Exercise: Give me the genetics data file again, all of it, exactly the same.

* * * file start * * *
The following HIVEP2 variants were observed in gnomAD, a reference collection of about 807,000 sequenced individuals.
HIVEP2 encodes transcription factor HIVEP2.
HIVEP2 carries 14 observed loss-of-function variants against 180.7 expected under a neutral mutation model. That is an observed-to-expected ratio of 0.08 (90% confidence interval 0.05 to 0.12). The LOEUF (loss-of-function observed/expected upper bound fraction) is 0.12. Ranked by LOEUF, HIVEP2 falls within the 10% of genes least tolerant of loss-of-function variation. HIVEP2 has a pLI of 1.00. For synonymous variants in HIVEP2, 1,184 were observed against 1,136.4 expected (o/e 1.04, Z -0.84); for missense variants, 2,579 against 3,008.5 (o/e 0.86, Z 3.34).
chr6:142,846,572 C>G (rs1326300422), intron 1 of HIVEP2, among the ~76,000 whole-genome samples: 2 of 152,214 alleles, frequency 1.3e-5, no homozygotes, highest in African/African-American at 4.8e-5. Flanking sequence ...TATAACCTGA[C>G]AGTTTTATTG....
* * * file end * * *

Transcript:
The following HIVEP2 variants were observed in gnomAD, a reference collection of about 807,000 sequenced individuals.
HIVEP2 encodes transcription factor HIVEP2.
HIVEP2 carries 14 observed loss-of-function variants against 180.7 expected under a neutral mutation model. That is an observed-to-expected ratio of 0.08 (90% confidence interval 0.05 to 0.12). The LOEUF (loss-of-function observed/expected upper bound fraction) is 0.12. Ranked by LOEUF, HIVEP2 falls within the 10% of genes least tolerant of loss-of-function variation. HIVEP2 has a pLI of 1.00. For synonymous variants in HIVEP2, 1,184 were observed against 1,136.4 expected (o/e 1.04, Z -0.84); for missense variants, 2,579 against 3,008.5 (o/e 0.86, Z 3.34).
chr6:142,846,572 C>G (rs1326300422), intron 1 of HIVEP2, among the ~76,000 whole-genome samples: 2 of 152,214 alleles, frequency 1.3e-5, no homozygotes, highest in African/African-American at 4.8e-5. Flanking sequence ...TATAACCTGA[C>G]AGTTTTATTG....